Tuesday, August 15, 2017

Vehicular Recollections of a 2017 Marine Mammal Stranding Network Coordinator

As my time at the Port Townsend Marine Science Center (PTMSC) comes to a close, I cannot help but remember the adventures I’ve had in this new home in the Pacific Northwest. As far away as I am from my home state of Texas, there were countless experiences that comforted me adapting to this new and different place. The open arms of caring people, happily greeting an out-of-place and chilly southerner, bathed me in countless opportunities to widen my horizons with new stories to tell. I have spoken to a lot of the PTMSC staff and volunteers about my focus, marine mammals, but most of my adventures stemmed from cars or relationships with folks over cars.


Those of you who know me know of my obsession with cars, old and new. The nature of how things work, living or mechanical, is a fascination of mine and determines my two outlets: physiological ecology of marine mammals and car mechanics. While pursuing my marine mammal career here in Port Townsend, I met a man named Denis Keyes, a gentle, knowledgeable soul, who helped set aflame my infatuation with turning wrenches on cars. We met while Denis was volunteering in the Natural History Exhibit, and by visits to his property where former PTMSC intern Tim Weissman lives. Soon, we began to work on Denis’s 1974 SuperBeetle, moving over many months from a disassembled engine on the floor to nearly driving it from the garage.
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Denis's Super Beetle gets an engine
When I met Tim Weissman, he was in need of a car. After weeks of pouring over ads, and about nine hours on the road, he came home with his new blue Subaru. The catch was I had pulled for Tim to purchase a type of car he had yet to learn to drive – one with a standard transmission. I taught him the ropes soon thereafter.
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Tim and I sporting our off-road vehicles
Tim’s girlfriend at the time, Sarah, who was also an AmeriCorps at PTMSC, wanted to learn how to change the oil on her Ford, and we also replaced the tensioner pulley.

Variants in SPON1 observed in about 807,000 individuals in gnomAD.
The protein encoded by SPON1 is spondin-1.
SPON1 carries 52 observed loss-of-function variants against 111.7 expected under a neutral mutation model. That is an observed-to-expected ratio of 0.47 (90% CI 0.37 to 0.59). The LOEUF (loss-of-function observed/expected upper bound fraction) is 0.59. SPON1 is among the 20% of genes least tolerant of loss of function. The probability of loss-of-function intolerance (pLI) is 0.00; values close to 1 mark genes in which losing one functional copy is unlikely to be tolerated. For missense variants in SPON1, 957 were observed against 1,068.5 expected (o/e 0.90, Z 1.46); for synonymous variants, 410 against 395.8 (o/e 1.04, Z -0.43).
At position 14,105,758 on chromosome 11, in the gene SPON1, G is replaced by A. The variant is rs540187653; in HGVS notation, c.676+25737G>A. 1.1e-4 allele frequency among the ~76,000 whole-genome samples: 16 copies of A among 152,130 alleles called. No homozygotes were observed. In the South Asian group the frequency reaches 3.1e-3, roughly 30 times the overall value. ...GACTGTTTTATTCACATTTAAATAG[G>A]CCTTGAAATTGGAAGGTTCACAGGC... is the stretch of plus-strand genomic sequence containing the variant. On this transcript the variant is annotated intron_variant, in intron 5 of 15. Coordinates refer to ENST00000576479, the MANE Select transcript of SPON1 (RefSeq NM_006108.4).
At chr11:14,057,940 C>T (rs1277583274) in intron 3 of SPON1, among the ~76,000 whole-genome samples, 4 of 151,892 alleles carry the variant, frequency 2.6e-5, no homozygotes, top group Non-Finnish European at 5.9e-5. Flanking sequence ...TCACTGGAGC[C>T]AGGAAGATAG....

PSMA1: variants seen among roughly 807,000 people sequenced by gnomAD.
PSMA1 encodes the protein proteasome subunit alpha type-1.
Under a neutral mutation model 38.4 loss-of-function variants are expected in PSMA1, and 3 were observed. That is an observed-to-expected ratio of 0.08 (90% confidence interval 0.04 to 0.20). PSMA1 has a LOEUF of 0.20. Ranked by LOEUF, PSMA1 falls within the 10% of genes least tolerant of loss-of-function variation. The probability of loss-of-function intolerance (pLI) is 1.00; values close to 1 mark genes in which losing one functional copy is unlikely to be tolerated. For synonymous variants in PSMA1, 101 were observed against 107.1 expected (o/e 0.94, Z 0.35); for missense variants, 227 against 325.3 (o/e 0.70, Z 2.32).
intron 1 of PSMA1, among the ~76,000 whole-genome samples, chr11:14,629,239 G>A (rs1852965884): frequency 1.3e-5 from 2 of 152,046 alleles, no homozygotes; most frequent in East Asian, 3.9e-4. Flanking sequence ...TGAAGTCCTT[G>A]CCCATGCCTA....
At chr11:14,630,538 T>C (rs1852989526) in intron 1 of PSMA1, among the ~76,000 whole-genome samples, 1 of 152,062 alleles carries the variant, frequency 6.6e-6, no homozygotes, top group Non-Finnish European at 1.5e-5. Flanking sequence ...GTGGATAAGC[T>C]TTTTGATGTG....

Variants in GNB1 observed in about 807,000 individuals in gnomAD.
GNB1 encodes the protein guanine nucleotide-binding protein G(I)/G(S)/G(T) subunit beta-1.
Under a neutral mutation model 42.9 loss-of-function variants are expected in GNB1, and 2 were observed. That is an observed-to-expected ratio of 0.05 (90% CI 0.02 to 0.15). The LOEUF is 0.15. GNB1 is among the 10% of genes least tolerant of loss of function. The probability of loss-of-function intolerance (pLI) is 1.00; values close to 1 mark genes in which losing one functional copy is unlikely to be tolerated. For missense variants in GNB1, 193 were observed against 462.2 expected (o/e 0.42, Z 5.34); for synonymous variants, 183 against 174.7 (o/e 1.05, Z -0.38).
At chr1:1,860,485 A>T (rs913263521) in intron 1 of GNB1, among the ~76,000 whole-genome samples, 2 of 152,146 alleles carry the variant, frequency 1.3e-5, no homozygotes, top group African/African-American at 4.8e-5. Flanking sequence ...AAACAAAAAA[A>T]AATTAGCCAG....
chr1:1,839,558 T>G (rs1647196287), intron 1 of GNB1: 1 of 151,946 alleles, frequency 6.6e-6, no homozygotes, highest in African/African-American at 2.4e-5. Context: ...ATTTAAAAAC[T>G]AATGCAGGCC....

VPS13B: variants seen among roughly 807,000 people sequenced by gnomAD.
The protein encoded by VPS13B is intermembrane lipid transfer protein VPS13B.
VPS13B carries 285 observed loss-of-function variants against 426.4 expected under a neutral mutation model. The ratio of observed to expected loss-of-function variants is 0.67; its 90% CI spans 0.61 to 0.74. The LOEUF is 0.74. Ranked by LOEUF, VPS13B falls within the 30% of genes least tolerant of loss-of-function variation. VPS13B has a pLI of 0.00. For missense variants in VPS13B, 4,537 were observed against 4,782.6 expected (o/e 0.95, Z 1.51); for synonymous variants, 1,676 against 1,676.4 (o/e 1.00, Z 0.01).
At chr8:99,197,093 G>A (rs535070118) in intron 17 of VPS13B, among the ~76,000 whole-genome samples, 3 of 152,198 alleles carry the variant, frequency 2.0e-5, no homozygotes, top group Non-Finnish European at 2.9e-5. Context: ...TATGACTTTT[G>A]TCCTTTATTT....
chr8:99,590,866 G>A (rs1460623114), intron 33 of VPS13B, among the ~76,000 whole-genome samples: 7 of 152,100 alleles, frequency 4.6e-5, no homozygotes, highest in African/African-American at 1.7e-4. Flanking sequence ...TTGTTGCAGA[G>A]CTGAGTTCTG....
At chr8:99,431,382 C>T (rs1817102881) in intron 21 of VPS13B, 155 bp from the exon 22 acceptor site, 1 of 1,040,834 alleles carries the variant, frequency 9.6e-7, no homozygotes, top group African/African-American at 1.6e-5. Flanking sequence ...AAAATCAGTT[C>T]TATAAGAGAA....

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Sarah completing her first oil change
With encouraging mechanical outlets through Denis, Tim, and Sarah, and my desire to put my mind and hands to work, I decided to purchase my own project car.
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The "Metrocity" in January after a wheel refurbish
I bought a 1990 Geo Metro Xfi for $100 in Edmonds in the dead of winter. The car had an open back due to surly modifications and no heater, providing a true test of commitment and wool socks. Over some months, I replaced the heater and restored the floors, and my plan was to replace the transmission, which had blown 5th gear. I had even gone to a junkyard and retrieved a new-to-me transmission and was gearing up to install it. I was moving towards this and other projects before I hit a dead stop.
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The restored floors
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Supporting the weight of the engine/transmission with a spare junkyard radio
In a playful moment, I decided to drive my unregistered, uninsured, and non-road legal project car six blocks to show fellow AmeriCorps, Juhi LaFuente. I was pulled over and given a ticket for $686 – one and a quarter my salary and a simple, youthful, foolish mistake which I successfully contested. I then sold it to a hopeful and excited teenager for $300.


Working at the  PTMSC has opened many doors for me professionally and made me many friends. I greatly enjoyed working with all the helpful and hard-working volunteers, teaching youth in marine science classes or running a fascinating exhibit open to the public. These experiences and others I will carry with me through my life, telling stories of the time spent in Washington and how I wish I could have stayed longer. To those which made this time spent so wonderful, I thank you.

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